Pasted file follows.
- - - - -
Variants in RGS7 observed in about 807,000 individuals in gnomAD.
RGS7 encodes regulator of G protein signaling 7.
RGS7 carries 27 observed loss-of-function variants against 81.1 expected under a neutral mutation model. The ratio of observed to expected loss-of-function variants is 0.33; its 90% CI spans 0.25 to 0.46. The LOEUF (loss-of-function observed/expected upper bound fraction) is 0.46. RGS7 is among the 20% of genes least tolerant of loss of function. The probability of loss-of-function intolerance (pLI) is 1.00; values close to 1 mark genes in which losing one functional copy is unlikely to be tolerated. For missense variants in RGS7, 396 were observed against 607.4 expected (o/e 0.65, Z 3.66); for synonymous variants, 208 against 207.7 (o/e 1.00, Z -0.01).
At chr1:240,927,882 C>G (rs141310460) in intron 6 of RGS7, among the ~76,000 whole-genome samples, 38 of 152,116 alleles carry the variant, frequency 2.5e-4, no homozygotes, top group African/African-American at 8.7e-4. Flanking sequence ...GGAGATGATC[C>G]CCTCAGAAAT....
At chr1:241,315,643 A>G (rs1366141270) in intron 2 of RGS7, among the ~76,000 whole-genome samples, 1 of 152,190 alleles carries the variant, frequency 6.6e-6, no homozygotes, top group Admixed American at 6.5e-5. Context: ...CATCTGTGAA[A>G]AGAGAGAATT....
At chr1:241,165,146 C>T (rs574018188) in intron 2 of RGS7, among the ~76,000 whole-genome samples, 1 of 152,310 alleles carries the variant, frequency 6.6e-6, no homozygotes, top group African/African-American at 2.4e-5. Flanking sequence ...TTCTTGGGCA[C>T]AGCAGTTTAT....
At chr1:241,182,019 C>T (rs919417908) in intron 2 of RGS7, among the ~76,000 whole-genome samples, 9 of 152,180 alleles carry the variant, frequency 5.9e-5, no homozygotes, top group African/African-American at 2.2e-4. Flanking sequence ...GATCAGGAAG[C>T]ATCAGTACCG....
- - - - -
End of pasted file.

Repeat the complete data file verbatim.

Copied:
Variants in RGS7 observed in about 807,000 individuals in gnomAD.
RGS7 encodes regulator of G protein signaling 7.
RGS7 carries 27 observed loss-of-function variants against 81.1 expected under a neutral mutation model. The ratio of observed to expected loss-of-function variants is 0.33; its 90% CI spans 0.25 to 0.46. The LOEUF (loss-of-function observed/expected upper bound fraction) is 0.46. RGS7 is among the 20% of genes least tolerant of loss of function. The probability of loss-of-function intolerance (pLI) is 1.00; values close to 1 mark genes in which losing one functional copy is unlikely to be tolerated. For missense variants in RGS7, 396 were observed against 607.4 expected (o/e 0.65, Z 3.66); for synonymous variants, 208 against 207.7 (o/e 1.00, Z -0.01).
At chr1:240,927,882 C>G (rs141310460) in intron 6 of RGS7, among the ~76,000 whole-genome samples, 38 of 152,116 alleles carry the variant, frequency 2.5e-4, no homozygotes, top group African/African-American at 8.7e-4. Flanking sequence ...GGAGATGATC[C>G]CCTCAGAAAT....
At chr1:241,315,643 A>G (rs1366141270) in intron 2 of RGS7, among the ~76,000 whole-genome samples, 1 of 152,190 alleles carries the variant, frequency 6.6e-6, no homozygotes, top group Admixed American at 6.5e-5. Context: ...CATCTGTGAA[A>G]AGAGAGAATT....
At chr1:241,165,146 C>T (rs574018188) in intron 2 of RGS7, among the ~76,000 whole-genome samples, 1 of 152,310 alleles carries the variant, frequency 6.6e-6, no homozygotes, top group African/African-American at 2.4e-5. Flanking sequence ...TTCTTGGGCA[C>T]AGCAGTTTAT....
At chr1:241,182,019 C>T (rs919417908) in intron 2 of RGS7, among the ~76,000 whole-genome samples, 9 of 152,180 alleles carry the variant, frequency 5.9e-5, no homozygotes, top group African/African-American at 2.2e-4. Flanking sequence ...GATCAGGAAG[C>T]ATCAGTACCG....